Mastering all the mechanics and making split-second decisions can’t be taught that easily, but that’s the real challenge for developers. If more effort is put into tutorials I’m sure more players will be drawn to the genre and its passionate community will only keep growing. Making changes in the tutorial modes may not revolutionize the genre, but it’s a good start.

  • fosforic

    I find it to be more than extensive already in some games. Soul calibur V has a very nice learning curve. You can see each move executed by an AI so you know how it looks like and the combo lists are shown at the bottom of your screen and you just input the combinations as you’re moving. Quite honestly , this is about as far as any game can generally teach you. The additional skill that comes on top of that is efficiency and speed and you simply can’t learn or implement that in a tutorial. While I don’t agree that exensive tutorials are a good idea (because of the underlying nature of a fighting game remains to be a variant of “button mashing”, especially if you’re learning), it may attract doubtful players to pick up a game they might never else try out because of it’s difficulty. Though easy modes, training modes with non-attacking cpu’s should be more than plenty to try and get the move downs of a specific character.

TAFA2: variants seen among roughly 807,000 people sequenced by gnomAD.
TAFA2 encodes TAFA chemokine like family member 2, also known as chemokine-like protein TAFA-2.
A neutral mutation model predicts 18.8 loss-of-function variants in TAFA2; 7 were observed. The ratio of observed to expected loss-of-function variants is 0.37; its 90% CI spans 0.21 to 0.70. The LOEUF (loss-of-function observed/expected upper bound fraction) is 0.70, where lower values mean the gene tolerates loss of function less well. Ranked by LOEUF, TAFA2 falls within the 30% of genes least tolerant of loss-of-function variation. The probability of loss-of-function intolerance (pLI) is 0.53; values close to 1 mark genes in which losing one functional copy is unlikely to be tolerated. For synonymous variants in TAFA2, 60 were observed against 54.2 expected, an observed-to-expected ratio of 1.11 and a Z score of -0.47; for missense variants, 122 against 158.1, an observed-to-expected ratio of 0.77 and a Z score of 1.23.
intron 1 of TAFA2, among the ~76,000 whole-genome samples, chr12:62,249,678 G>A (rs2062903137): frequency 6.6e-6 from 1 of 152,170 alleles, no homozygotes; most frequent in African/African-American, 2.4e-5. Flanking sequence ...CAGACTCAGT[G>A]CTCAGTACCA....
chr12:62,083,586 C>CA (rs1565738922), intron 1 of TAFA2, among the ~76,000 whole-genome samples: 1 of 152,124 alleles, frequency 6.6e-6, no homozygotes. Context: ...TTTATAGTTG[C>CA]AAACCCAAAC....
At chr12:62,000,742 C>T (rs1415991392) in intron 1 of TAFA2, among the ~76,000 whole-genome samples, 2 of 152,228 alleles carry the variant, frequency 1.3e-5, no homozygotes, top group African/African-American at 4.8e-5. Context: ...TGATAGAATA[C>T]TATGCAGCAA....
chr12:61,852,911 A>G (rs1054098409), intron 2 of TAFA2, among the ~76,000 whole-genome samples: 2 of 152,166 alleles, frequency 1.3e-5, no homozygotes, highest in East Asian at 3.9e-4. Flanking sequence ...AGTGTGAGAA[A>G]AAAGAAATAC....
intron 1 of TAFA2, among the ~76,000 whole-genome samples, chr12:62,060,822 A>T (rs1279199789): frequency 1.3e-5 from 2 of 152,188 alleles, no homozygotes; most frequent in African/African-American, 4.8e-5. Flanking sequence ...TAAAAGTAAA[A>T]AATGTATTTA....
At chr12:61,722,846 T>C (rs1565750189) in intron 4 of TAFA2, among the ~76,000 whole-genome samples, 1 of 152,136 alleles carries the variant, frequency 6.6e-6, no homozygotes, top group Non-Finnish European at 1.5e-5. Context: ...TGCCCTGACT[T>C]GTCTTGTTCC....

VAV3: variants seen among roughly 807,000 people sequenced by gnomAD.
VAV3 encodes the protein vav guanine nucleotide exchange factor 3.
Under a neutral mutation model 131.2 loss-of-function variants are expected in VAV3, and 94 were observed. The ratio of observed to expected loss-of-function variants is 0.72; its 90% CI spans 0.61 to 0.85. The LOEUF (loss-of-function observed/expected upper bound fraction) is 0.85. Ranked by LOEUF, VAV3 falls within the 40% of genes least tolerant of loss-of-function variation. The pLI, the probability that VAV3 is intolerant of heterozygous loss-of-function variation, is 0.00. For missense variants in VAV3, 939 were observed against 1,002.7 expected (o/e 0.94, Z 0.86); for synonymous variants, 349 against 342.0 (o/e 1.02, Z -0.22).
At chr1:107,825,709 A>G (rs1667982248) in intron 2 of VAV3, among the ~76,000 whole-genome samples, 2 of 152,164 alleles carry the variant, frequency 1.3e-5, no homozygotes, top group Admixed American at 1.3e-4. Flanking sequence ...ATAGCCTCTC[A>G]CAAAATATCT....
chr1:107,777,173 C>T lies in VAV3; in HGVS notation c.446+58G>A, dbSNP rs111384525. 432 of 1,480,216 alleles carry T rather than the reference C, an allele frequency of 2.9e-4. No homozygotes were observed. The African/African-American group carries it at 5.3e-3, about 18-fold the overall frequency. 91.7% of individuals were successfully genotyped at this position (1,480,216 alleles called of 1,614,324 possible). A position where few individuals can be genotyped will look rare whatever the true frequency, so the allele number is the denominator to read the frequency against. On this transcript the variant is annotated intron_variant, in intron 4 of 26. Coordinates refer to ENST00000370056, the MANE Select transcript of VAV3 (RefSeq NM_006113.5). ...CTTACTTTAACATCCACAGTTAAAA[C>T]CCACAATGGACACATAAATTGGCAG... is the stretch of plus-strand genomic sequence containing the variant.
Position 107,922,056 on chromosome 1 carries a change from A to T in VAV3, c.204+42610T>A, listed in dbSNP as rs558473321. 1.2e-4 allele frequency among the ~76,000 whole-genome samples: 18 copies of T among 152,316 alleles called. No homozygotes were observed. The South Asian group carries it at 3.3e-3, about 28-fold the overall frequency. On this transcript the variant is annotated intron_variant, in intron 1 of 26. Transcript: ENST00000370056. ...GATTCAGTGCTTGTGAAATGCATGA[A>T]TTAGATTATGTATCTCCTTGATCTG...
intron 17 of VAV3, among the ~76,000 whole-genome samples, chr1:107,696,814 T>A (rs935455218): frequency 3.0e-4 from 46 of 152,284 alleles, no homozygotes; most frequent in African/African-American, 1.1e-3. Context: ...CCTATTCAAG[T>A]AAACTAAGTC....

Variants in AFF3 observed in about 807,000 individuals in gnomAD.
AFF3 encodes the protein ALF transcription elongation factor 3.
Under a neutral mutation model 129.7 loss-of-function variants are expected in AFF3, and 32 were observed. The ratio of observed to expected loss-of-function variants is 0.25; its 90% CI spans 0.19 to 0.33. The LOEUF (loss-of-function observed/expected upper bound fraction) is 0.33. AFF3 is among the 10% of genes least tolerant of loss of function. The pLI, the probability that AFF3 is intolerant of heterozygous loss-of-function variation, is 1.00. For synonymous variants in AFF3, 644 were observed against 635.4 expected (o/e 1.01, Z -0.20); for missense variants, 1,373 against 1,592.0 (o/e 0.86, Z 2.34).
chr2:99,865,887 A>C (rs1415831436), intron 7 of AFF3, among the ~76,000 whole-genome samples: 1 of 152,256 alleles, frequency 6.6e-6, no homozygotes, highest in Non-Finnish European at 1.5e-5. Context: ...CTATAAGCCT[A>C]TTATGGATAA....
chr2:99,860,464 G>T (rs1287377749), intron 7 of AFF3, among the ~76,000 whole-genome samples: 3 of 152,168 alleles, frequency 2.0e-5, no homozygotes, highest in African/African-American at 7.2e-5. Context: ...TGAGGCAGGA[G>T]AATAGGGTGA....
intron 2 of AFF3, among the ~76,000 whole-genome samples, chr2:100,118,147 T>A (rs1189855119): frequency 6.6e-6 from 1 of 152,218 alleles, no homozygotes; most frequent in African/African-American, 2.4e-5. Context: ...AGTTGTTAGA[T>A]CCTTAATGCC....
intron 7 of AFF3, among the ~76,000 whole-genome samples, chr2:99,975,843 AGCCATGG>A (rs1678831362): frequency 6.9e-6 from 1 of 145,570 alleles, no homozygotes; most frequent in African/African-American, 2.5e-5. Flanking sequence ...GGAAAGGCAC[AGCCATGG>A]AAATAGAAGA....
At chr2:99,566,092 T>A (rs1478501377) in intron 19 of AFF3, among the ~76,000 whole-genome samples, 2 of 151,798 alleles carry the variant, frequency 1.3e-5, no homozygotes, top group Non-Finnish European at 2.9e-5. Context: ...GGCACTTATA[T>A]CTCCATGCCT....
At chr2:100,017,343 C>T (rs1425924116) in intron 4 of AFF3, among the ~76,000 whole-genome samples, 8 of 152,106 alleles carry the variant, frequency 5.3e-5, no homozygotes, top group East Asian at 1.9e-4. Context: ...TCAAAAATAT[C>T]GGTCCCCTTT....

Most likely, a more intensive look and workout of a tutorial will also require more space and come to the cost of possible content, graphics and/or other things developpers tend to cut to keep their game as a single disc release. Which i’d rather not have.

    quote: “Although most games feature a challenging AI, it’s worth pointing out that no computer will be able to match the way in which a human being thinks during a virtual fight.”